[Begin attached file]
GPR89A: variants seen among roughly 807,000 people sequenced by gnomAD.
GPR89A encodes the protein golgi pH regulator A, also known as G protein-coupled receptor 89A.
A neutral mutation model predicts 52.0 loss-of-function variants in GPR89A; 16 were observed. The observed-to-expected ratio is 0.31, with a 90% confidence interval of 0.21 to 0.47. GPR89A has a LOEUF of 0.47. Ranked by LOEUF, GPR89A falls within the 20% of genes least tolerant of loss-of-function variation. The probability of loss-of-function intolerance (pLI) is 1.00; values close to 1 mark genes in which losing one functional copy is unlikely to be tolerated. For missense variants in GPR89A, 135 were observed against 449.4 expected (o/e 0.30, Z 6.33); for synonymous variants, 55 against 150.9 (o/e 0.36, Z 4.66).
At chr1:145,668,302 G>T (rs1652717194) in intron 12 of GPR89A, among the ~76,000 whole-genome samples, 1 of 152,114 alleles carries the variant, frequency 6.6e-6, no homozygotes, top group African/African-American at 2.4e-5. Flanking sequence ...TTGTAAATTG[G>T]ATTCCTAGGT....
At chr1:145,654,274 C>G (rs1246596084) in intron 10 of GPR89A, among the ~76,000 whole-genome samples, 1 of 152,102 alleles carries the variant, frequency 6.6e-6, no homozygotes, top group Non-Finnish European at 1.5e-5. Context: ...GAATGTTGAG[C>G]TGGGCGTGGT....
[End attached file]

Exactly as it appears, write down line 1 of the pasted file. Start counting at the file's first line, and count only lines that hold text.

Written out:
GPR89A: variants seen among roughly 807,000 people sequenced by gnomAD.